It wasn't too long after midnight when Officer John Fabula arrived from the Western District with a van of 11 boys and girls. By then, a collection of bewildered parents had gathered outside the school's 21st Street entrance. Some had gotten cell phone calls from kids who'd been detained. Others had heard from neighbors that a police van had come through, so they stopped first at the Baltimore City Juvenile Justice Center on Gay Street and were redirected to Dallas Nicholas.

"I really consider this kidnapping," said Chiffon Rogers, who had gone there in search of her 11-year-old grandson, De-Andre McLean. "It's like a dog pound coming through, scooping up children like that. They're treating him like a criminal when all he was doing was walking to a friend's house to stay the night."

The kids from Fabula's police van filed into the curfew center one by one, passing through a metal detector. Some of the girls wore tiny summer outfits and chatted on cell phones. Some boys arrived shirtless.

Half a dozen school police officers processed the youths, asking them for their names, phone numbers and addresses. The officers snapped photographs of the kids and directed them to a ring of blue metal folding chairs, where they waited while workers researched their history and contacted their parents. Some snacked on sandwiches and sipped juice donated by Aramark Food Services, which has promised to deliver food to the school each weekend to feed the curfew violators.

Malik Lomax, 10, and his friend Marcell Rush, 8, sat quietly as their mothers looked on from across the room. The boys had been playing catch outside Gilmore Homes on Mount Street when Fabula's van pulled up about 11:30 p.m. Rhona Lomax, Malik's mother, said she had been outside with them but briefly stepped inside to put an 11-month-old to bed.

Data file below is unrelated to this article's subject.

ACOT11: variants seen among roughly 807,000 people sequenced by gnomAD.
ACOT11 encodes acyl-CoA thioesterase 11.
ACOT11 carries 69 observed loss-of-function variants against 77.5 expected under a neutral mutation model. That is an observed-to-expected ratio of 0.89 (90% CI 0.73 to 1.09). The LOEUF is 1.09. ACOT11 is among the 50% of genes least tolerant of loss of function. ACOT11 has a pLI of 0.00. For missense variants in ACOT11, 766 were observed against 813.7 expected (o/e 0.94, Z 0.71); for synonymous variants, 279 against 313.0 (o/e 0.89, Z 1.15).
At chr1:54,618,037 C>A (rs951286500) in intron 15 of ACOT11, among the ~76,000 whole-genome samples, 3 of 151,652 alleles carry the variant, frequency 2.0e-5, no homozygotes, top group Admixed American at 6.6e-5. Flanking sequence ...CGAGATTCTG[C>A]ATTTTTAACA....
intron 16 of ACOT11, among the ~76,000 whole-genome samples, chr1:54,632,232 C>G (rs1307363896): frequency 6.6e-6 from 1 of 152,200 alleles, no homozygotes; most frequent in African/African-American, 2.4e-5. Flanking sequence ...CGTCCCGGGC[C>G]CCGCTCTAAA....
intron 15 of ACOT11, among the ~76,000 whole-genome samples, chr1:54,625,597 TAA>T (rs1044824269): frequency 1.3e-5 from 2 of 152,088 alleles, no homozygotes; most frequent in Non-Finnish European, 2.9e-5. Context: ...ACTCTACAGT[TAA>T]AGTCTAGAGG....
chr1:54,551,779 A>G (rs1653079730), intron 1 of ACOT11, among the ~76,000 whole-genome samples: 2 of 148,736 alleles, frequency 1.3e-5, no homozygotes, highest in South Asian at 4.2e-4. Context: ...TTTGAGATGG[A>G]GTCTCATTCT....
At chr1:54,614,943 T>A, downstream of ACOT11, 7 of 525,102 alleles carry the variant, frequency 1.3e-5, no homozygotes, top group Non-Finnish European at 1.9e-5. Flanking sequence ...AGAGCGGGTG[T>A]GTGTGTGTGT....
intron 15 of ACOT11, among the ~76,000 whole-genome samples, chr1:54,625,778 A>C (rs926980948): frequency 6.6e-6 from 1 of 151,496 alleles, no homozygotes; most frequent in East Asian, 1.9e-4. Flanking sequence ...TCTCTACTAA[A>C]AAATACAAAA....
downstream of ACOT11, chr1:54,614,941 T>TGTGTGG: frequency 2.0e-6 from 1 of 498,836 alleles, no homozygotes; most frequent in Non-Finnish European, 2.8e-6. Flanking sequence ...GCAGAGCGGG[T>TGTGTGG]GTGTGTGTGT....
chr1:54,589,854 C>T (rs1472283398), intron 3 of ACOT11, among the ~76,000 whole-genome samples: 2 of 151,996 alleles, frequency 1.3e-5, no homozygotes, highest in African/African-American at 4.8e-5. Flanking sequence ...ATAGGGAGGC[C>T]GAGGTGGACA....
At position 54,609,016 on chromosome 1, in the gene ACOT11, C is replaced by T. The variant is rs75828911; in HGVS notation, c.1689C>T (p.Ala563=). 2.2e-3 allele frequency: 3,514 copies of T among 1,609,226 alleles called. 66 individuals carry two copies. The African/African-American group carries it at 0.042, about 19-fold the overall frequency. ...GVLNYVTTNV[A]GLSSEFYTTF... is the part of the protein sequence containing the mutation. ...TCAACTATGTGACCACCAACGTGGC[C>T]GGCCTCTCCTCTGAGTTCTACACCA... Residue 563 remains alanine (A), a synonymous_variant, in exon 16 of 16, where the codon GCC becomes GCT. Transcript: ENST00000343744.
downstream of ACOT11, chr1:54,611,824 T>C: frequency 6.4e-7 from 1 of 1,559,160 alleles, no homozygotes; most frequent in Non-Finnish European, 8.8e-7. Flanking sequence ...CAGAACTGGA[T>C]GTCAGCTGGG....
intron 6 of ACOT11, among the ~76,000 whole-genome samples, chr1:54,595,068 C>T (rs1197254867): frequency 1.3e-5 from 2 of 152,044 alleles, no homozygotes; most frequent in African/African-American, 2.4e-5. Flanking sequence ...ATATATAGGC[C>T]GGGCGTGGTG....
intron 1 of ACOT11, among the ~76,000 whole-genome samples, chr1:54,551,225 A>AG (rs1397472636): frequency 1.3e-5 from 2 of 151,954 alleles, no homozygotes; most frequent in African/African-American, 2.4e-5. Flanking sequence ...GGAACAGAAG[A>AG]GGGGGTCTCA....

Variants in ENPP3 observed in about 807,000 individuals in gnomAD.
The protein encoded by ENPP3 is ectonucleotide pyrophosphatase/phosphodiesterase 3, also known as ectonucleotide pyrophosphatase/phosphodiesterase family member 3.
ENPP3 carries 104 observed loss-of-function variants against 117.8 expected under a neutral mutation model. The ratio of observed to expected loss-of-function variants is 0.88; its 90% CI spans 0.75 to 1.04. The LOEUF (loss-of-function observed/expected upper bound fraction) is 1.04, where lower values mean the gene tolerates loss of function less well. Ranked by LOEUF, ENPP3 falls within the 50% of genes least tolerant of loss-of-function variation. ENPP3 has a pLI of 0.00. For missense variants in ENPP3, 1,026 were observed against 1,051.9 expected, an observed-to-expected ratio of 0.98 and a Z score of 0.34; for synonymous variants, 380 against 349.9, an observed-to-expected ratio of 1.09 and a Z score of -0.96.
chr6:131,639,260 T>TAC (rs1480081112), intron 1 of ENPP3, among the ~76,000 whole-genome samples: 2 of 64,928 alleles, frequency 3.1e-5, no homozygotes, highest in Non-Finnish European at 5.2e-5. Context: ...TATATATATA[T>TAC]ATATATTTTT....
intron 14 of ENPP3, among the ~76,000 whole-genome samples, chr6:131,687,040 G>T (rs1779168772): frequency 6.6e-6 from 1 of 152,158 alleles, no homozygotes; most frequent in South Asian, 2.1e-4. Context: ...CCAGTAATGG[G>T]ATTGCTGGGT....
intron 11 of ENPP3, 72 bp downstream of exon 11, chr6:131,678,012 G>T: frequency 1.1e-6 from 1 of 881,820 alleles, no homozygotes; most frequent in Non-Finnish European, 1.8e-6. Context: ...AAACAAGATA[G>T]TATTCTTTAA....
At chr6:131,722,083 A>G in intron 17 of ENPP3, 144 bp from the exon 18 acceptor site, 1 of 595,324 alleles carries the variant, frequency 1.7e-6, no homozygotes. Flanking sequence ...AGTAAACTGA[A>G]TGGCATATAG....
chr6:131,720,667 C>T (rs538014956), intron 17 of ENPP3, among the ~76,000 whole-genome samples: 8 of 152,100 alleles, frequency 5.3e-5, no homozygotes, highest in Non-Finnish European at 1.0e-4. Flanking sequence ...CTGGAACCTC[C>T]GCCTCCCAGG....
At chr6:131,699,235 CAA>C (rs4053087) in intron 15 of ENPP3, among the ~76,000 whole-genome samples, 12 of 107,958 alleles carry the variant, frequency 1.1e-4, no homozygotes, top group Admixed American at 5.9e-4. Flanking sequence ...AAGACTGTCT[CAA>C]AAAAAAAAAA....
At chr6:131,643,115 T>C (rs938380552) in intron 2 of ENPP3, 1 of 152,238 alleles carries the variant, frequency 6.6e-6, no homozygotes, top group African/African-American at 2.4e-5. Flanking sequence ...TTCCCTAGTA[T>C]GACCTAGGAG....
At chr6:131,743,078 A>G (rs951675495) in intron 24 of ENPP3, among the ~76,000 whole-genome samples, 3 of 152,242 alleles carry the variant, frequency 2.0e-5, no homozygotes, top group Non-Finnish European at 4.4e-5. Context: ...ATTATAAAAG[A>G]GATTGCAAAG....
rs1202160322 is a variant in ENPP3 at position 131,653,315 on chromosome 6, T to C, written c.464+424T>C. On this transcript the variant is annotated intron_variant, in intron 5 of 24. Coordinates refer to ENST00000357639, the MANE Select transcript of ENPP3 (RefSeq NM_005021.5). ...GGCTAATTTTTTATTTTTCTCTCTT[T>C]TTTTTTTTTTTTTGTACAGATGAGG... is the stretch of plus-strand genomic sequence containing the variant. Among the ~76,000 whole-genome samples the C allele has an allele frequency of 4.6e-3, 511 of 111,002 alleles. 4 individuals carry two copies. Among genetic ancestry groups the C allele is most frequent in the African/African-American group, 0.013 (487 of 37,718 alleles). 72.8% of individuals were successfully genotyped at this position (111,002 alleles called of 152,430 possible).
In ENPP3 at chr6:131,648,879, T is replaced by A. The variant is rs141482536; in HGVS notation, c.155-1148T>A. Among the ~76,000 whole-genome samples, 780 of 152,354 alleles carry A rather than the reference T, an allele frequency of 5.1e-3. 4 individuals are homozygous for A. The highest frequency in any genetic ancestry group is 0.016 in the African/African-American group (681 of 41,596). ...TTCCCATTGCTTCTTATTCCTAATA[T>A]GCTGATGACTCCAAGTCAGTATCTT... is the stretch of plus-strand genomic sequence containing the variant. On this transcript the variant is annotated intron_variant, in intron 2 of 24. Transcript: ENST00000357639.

Malik said he was scared when a female officer approached them.

"She just came up to me and grabbed me like I was her own child," he said. "I thought I was going to jail."

Neither of the boys had been in trouble before, their mothers said, and they were worried about how the experience would affect them.

"My child's not a bad kid," Lomax said. "He was probably scared to death."

Neither Lomax nor Marcell's mother, Aurinthia Lassiter, thought the curfew center was a bad idea in and of itself. But both said they wished officers would be more discerning in which children they detained.

Just outside the school a mother and father - the father wearing a hairnet and factory uniform - were waiting for their teenager to arrive. "I think this is a great idea," said the mother, who did not want to give her name or her son's. "I tell him a time to come in, and if he's not in, I come looking for him. Maybe this will help."

As the early morning hours ticked on, parents took longer and longer to arrive. As it neared 4 a.m., about two dozen kids remained, barely awake, in their folding chairs. A small television was set to the Hallmark Channel without sound, but nobody paid attention to it.

Some of the last few boys there were on probation and under the supervision of the Department of Juvenile Services. In all, 11 of the 64 kids yesterday had active criminal or probation cases. DJS processor Ginger Myers sat at a laptop, plugging in names and calling over kids.

Goldstein said that on earlier nights, a majority of the youths were on probation for juvenile offenses, including one who was a registered sex offender and one who was a convicted armed robber.

Tammy Brown, a DJS spokeswoman, said the caseworkers follow up with the curfew violators and sometimes increase their supervision levels. If a youth has been identified by the department's violence prevention initiative as a particular risk, he or she can be taken directly to the Juvenile Justice Center for an immediate meeting with a caseworker and a parent.

"It gives us the opportunity to have meaningful contact with them," Brown said of the curfew center. "We're reaching them immediately and finding out why they are on the streets at night."